10 Hidden Stressors Lurking in Your Workplace

Posted by Becky Squiers on Thu, Feb, 04, 2016

Stress is bad for your health. Mentally. Physically. Emotionally. Just bad.

The problem is, you can’t always help it. Your employees can’t always help it either. Some situations—especially at work—are just plain stressful.Workplace Stress

It can be especially difficult to manage workplace stress when you're not exactly sure of the cause. In some situations, work can feel much more stressful than in a similar situation. But what's causing that elevated stress level?

Take a look at your office environment. There are probably a few unknown stressors hidden there somewhere. Here are ten hidden stressors you might not have noticed before. Tackling these problems can help to create a much calmer environment that’s conducive to more efficient work.

The Layout

Office spaces need to flow. Each space is going to be different, but they all need to be logical. Take a look at where you have each department situated and where common areas are located. Can people who need to work together access each other quickly and easily? Is the breakroom in a central area? These are all things to consider for a stress-free office layout.

The Copier (and other shared office equipment)

Major, shared office equipment can be stressful for a few different reasons. If it’s difficult to use, placed in an illogical location, or is unreliable, it can be a huge hidden stressor. It’s important to invest in equipment that works, and make that equipment easy to access. It’s not your employees' jobs to fix (or find) the copier. Removing that barrier will allow them to focus more completely on their work without extra worries.

The Bathroom

Bathrooms should be clean. It’s as simple as that. No matter the size of your business, cleaning the bathroom needs to be made a priority. A messy bathroom is uncomfortable and adds stress that has absolutely nothing to do with actual job duties.

The Breakroom

This room also needs to be clean for the same reasons as the bathroom. Outside of that, there needs to be a system that governs the breakroom. It’s important to know who refills the coffee (and how to refill the coffee), who to report to when items are out of stock, and how to label food so it won’t get stolen out of the fridge.

The Chairs

Poor posture can lead to back pain and overall discomfort. Discomfort can lead to irritability and stress. If employees are confined to one desk space for most of the day, make it as comfortable for them as possible. Try to find quality chairs that are adjustable to different body types and sitting styles.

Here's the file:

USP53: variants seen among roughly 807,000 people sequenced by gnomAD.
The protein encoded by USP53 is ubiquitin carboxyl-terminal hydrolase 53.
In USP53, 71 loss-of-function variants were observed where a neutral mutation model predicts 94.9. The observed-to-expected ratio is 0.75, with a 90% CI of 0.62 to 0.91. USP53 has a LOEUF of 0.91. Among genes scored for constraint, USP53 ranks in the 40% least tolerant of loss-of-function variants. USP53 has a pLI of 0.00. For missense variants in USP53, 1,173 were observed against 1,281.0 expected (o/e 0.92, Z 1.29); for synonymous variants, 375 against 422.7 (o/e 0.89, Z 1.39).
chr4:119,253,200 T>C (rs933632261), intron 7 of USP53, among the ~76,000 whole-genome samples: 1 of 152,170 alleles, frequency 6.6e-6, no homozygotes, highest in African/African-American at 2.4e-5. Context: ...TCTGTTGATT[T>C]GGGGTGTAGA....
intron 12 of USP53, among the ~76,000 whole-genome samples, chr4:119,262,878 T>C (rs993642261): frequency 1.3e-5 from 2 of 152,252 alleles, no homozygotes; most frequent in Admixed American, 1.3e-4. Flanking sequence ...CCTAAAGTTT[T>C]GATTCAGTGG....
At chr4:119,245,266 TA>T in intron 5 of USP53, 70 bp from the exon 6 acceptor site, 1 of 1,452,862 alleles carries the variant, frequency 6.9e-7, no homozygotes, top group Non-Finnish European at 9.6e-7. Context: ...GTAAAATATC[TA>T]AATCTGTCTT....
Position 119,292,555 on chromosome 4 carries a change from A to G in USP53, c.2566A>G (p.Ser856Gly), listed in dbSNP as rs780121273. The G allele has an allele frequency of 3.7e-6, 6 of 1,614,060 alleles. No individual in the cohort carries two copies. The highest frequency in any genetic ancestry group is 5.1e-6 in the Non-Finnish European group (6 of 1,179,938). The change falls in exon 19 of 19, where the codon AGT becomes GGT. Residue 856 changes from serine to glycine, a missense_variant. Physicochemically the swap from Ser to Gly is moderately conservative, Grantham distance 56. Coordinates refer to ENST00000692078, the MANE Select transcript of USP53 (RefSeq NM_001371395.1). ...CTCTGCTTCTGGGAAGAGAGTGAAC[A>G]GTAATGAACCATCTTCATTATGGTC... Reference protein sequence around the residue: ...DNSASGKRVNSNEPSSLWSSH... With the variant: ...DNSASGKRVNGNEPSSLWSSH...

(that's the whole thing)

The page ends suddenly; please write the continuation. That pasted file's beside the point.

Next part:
The Wi-Fi

For a lot of people, the internet is a vital tool for getting work done. If it’s spotty or slow, employees can’t work as efficiently as they’d like and can become frustrated with the problems they face due to bad internet connection. Finding quality Wi-Fi is often dependent on where you’re located. Consult with an IT professional to be sure your system can handle the work that needs to be done.

The Conference Room

If many a stressful meeting happens in the conference room, consider switching things up. After a lot of repetition, people can begin to associate places with certain feelings—even if it doesn’t apply to every single situation. You don’t want the conference room to become a place your employees dread going. Mix up meeting locations, and even throw in walking meetings if the group is small enough.

The Windows (or lack thereof)

Natural lighting in a workplace is an automatic soother. It’s excellent for maintaining strong mental health. There’s not a lot you can do if you building structurally doesn’t have a lot of window space to work with. Try to take full advantage of the windows you do have to maximize their effect in the office. You can also fake natural light in certain situations by painting and decorating with soothing colors, and opting for more natural looking light bulbs.

The Inbox

Email inboxes can get incredibly cluttered. Simply knowing that your inbox has gone unmanaged can make you subconsciously feel stressed. One way to address this issue is to encourage your employees to avoid filling each other’s inboxes. If things can be dealt with face-to-face or even over of the phone, that is always a better option.


Bosses and coworkers can be the most stressful part of a workplace environment. We know you don’t intentionally stress out your employees. But we’re guessing you don’t intentionally seek to relieve their stress either. Try to create a positive environment and support system for your employees. Seek to empower them rather than demanding the impossible from them. All of this can be nurtured by positive messaging and clear communication.

Ultimately, an office environment will always be associated with some level of stress. It’s probably not feasible to eliminate stress altogether. But it is important to be sure all stress is associated with a legitimate task or stressor. Don’t let unknown and unnecessary stressors mess with your employees’ minds.

What other stressors have you addressed at your workplace?

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Topics: Healthy Workplaces, Wellness at Work


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